Carcharodon hastalis tooth

UF 3772, left upper tooth of this species

Carcharodon hastalis

Quick Facts

Common Name: none

Teeth of the extinct shark Carcharodon hastalis have been found in most Miocene and Pliocene marine deposits in Florida that produce shark teeth. It is also found in similar age deposits around the world.

Long regarded as a member of the mako shark lineage, it is now thought by many paleontologists to be ancestral to the living great white shark

Age Range

  • Early Miocene through early late Pliocene Epoch
  • About 20 to 3 million years ago

Scientific Name and Classification

Carcharodon hastalis Agassiz, 1843

Source of Species Name: probably derived from the Latin word for "spear", hasta, because of the pointed shape of the teeth, similar to a spear tip.

Classification: Chondrichthyes, Elasmobranchii, Euselachii, Galeomorphi, Lamniformes, Lamnidae

Alternate Scientific Names: Oxyrhina hastalisIsurus hastalisCosmopolitodus hastalis, Isurus xiphodonCosmopolitodus xiphodonCarcharodon plicatilis

Carcharodon hastalis map

Figure 1. Map of Florida, with highlights indicating counties where fossils of this species have been found.

Overall Geographic Range

The species is known world-wide from marine deposits of Miocene and Pliocene age. Fossils have been found in Europe (including records in Denmark, Netherlands, Germany, Austria, Slovakia, Portugal, and Italy); Azores; United States (New Jersey, Maryland, Virginia, North Carolina, South Carolina, Georgia, Florida, and California); Mexico (Baja California Sur, Yucatan); South America (Argentina, Peru, Chile); Australia; Fiji; and Asia (Japan, India, and Taiwan). The type locality is in Switzerland (Purdy et al., 2001).

Florida Fossil Occurrences

Florida fossil sites with Carcharodon hastalis:

Full list of fossil sites (Click to View)

Discussion

Teeth of the extinct shark Carcharodon hastalis have been found in most Miocene and Pliocene marine deposits in Florida that produce shark teeth. It is typically found along with teeth of Carcharocles megalodonHemipristis serraCarcharias taurus, Negaprion brevirostris, several species of the genus Carcharhinus, and several species of the genus Galeocerdo. In this assemblage, teeth of Carcharodon hastalis are the second largest, typically ranging from 1 to 3 inches (2.5-7.5 cm) in height, being exceeded in size only by those of Carcharocles megalodon.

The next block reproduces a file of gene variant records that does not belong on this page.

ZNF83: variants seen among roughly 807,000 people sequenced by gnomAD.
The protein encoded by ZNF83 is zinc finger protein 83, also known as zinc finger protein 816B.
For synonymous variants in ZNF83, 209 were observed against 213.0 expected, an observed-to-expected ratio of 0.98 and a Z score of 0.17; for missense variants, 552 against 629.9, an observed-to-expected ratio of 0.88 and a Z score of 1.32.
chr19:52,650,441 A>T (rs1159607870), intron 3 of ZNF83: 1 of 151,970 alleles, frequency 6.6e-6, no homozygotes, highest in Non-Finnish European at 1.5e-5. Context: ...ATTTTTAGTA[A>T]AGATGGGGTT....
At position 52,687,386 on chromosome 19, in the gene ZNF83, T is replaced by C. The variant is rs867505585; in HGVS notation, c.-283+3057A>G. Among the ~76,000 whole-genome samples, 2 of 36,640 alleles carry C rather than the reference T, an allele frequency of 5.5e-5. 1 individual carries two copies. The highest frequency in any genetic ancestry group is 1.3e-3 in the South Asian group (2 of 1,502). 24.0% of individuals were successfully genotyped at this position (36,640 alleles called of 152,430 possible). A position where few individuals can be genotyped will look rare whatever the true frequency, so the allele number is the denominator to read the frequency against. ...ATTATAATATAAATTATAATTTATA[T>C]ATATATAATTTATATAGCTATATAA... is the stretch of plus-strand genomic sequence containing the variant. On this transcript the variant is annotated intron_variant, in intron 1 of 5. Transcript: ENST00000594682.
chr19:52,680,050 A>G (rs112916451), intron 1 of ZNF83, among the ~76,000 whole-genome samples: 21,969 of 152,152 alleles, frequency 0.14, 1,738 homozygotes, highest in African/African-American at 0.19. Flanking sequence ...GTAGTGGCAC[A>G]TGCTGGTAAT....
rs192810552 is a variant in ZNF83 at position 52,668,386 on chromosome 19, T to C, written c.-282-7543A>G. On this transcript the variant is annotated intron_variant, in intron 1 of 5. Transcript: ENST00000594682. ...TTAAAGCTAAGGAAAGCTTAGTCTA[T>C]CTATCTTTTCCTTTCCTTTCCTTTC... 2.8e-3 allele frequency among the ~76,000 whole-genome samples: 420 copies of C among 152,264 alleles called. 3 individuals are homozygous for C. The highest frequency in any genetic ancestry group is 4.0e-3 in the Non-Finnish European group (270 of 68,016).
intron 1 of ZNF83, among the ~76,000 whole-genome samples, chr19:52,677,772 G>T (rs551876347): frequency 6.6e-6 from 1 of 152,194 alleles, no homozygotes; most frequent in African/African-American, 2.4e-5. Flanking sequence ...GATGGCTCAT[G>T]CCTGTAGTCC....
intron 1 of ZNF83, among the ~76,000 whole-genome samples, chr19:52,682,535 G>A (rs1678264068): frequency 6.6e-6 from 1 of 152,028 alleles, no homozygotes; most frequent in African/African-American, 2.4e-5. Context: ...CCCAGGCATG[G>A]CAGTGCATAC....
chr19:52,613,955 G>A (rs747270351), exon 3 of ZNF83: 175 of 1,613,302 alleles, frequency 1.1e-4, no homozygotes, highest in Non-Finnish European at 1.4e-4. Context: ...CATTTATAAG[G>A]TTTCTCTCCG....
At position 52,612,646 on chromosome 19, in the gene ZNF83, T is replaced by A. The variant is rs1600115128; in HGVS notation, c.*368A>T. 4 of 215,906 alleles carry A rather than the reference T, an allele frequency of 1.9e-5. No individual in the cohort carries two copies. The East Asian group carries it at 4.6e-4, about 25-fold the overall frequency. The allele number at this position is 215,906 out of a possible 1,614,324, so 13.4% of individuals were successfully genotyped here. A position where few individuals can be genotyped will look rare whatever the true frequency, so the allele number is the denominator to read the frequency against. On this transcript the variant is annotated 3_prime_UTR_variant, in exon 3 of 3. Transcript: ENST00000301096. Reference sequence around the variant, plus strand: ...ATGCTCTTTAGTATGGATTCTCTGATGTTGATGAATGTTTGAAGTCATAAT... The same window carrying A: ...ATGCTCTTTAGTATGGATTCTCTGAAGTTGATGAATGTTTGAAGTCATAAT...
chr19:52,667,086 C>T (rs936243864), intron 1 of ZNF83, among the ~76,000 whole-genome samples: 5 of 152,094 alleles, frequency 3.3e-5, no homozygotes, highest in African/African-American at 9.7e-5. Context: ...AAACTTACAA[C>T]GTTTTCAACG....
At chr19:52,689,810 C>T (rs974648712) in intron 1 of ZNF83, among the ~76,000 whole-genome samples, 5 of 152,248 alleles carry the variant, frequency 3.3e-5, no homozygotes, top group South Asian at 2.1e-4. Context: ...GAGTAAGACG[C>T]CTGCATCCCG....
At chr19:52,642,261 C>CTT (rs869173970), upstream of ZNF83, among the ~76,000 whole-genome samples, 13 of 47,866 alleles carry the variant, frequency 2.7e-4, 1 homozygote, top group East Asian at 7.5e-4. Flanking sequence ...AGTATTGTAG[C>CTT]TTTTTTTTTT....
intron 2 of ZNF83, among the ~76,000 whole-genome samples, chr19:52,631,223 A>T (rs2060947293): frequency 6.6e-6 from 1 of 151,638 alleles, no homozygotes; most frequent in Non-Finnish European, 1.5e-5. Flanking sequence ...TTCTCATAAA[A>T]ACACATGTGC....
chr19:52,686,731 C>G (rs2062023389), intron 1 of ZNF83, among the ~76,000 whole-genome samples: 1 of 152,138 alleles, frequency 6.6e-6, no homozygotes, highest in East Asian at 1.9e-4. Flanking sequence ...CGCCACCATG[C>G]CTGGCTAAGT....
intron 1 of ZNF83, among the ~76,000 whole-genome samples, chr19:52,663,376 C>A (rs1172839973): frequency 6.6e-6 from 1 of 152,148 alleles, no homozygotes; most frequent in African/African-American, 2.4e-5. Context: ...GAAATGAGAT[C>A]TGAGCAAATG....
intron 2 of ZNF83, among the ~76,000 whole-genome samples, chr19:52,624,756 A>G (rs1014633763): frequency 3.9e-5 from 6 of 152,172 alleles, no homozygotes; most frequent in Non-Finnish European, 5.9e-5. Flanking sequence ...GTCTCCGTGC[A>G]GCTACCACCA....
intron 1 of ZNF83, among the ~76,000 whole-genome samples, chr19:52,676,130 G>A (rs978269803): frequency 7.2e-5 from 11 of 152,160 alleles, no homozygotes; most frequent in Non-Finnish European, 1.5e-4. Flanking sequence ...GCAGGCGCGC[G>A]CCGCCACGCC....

The upper teeth of Carcharodon hastalis are broadly triangular with smooth, unserrated cutting edges (Figs. 2-4), while the lower teeth are narrower and have deeper root notches (Kent, 1994). Teeth from juveniles can have a single, very small cusplet on each shoulder. The teeth of juvenile Carcharocles megalodon and adult Carcharodon hastalis overlap in size, but the two can be easily distinguished by the lack of serrations on the cutting edges of the teeth in Carcharodon hastalis (present on teeth of Carcharocles megalodon and Hemipristis serra). Another difference is that teeth of Carcharocles megalodon have a region above the root with exposed dentine called a bourlette while teeth of Carcharodon hastalis lack such a feature, as is true of most other sharks. Fossil teeth of Isurus oxyrinchus, the shortfin mako shark, are common in Florida only on the northeast Atlantic coast (Duval and Nassau counties). Like Carcharodon hastalis teeth, they do not have serrated cutting edges, but differ in their much narrower, more curved crowns and longer root lobes (Kent, 1994).

Carcharodon hastalis, fig 2

Figure 2. UF 3772 in lateral or labial (left) and inner or lingual (right) views. Left upper tooth ofCarcharodon hastalis from Hume Hall Creek, University of Florida campus, Gainesville, Florida (early or middle Miocene).

Another large shark with smooth-edged tooth crowns that coexisted with Carcharodon hastalis was Parotodus benedeni. The latter has relatively short, thick crowns with relatively large root. Parotodus benedeni is very uncommon in Florida, with the only two known teeth coming from Duval County (Jacksonville area). The most common shark found as a fossil in Florida with a smooth-edged (non-serrated) tooth crown is the lemon shark, genus NegaprionNegaprion teeth are smaller than those of adult Carcharodon hastalis, reaching a maximum height of 1.5 inches, with most specimens ranging from 0.5 to 1 inch. Negaprion teeth also have relatively narrower crowns, with the root being much wider than the base of the crown, and the base of the root is nearly straight or with a slight angle (Kent, 1994).

Carcharodon hastalis, fig 3

Figure 3. UF 220078 in lateral or labial (left) and inner or lingual (right) views. Left upper anterior tooth of Carcharodon hastalis from the Fort Green Mine, Hardee County, Florida (early Pliocene). This is an example of the broad-form variety of Carcharodon hastalis, which some paleontologist refer to a separate species, such as Cosmopolitodus xiphodon.